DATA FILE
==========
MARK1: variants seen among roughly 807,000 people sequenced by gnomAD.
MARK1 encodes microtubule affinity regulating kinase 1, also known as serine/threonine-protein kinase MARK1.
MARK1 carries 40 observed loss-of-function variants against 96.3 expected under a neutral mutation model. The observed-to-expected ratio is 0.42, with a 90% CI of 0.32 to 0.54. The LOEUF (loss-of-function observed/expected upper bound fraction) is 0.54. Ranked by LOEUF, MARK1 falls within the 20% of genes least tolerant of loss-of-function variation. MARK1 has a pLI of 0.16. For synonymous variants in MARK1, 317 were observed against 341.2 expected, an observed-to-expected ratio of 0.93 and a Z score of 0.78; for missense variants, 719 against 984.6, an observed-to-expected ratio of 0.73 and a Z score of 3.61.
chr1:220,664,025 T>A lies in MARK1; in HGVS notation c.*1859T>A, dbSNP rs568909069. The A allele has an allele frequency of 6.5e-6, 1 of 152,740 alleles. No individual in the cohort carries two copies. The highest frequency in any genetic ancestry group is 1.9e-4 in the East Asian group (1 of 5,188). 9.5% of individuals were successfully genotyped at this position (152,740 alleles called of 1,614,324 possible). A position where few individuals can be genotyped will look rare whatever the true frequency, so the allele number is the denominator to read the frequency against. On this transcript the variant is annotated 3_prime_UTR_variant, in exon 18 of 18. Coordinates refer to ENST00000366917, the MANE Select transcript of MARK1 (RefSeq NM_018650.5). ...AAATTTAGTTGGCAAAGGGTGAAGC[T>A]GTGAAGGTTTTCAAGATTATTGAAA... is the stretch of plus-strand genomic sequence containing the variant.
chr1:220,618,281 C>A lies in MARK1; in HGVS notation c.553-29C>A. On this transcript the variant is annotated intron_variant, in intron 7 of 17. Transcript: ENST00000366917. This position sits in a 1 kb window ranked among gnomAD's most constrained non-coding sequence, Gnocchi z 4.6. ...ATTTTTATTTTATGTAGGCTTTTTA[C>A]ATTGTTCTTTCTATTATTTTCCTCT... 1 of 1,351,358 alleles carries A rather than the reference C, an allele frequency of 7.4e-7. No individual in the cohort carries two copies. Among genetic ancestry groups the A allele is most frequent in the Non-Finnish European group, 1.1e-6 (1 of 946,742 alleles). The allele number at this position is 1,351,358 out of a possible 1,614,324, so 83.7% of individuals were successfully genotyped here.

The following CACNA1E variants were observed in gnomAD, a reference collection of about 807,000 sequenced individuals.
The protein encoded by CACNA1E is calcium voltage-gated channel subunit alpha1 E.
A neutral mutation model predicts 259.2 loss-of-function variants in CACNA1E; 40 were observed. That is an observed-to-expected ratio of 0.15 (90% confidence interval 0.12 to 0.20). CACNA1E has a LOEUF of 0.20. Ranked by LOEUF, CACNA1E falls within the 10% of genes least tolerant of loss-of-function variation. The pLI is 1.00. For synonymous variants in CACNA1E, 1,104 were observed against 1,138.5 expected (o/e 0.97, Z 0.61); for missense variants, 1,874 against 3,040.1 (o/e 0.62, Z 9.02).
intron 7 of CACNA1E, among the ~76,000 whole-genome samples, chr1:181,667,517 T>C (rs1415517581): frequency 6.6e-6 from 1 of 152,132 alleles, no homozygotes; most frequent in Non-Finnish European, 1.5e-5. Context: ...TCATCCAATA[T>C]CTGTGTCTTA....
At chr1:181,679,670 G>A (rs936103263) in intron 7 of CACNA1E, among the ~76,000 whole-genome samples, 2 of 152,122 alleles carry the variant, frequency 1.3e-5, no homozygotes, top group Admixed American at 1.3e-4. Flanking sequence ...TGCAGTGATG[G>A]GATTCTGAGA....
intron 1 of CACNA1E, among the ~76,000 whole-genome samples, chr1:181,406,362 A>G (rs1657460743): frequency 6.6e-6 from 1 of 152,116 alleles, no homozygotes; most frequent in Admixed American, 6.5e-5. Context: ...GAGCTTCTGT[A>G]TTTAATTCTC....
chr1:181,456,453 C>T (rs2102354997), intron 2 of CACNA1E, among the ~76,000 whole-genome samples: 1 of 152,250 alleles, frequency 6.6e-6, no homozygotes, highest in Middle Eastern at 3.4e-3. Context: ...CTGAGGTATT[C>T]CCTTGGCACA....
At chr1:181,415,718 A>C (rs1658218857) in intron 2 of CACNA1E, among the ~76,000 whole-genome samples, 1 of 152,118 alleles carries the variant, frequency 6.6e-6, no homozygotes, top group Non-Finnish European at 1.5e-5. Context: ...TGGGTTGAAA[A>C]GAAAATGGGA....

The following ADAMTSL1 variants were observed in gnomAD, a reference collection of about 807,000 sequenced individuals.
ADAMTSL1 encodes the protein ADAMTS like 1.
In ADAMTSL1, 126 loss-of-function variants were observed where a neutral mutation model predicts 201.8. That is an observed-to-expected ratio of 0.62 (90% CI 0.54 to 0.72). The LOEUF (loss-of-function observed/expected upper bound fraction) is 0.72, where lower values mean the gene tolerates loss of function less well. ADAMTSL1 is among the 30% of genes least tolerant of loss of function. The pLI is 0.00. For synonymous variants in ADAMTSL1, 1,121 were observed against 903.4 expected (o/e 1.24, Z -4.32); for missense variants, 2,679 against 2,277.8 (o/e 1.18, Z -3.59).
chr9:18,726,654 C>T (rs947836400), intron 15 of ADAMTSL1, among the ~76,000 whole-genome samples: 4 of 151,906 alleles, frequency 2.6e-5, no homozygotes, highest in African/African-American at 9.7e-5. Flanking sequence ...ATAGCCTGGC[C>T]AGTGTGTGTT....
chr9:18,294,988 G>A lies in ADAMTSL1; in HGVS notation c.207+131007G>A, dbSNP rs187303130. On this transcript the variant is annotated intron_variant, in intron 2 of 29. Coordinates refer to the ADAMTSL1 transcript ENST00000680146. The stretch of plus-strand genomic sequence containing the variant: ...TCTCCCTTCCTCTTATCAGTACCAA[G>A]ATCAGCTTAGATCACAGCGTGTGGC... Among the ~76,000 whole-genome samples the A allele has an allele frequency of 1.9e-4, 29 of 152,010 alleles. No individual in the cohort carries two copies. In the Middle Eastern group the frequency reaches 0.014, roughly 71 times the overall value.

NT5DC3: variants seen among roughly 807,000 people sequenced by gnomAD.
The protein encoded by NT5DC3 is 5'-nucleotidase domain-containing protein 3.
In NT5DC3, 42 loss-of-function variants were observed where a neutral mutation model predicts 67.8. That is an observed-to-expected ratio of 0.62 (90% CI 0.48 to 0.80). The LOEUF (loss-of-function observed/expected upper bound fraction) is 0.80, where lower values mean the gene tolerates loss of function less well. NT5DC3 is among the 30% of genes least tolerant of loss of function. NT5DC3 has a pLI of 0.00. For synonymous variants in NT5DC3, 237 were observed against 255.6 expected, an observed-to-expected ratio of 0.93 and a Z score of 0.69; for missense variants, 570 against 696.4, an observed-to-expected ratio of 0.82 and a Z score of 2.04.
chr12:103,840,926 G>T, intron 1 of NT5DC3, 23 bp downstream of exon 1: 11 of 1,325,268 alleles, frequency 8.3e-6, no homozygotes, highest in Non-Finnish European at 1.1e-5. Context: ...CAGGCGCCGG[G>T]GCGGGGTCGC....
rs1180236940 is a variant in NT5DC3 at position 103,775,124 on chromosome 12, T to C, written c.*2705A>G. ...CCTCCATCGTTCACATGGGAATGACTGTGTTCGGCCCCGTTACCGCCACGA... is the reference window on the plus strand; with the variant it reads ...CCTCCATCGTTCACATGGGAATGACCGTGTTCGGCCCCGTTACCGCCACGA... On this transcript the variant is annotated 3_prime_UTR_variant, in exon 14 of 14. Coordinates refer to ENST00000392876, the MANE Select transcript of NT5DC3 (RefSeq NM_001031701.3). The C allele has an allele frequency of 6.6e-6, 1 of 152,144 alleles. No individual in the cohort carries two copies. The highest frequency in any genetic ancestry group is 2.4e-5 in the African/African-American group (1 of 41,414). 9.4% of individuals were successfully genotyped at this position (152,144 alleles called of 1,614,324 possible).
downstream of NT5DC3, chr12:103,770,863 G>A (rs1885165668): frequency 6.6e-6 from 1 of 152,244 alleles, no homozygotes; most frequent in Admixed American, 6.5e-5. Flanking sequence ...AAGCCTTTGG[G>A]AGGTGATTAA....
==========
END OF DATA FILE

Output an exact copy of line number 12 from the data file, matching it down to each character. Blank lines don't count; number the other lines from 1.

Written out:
chr1:181,456,453 C>T (rs2102354997), intron 2 of CACNA1E, among the ~76,000 whole-genome samples: 1 of 152,250 alleles, frequency 6.6e-6, no homozygotes, highest in Middle Eastern at 3.4e-3. Context: ...CTGAGGTATT[C>T]CCTTGGCACA....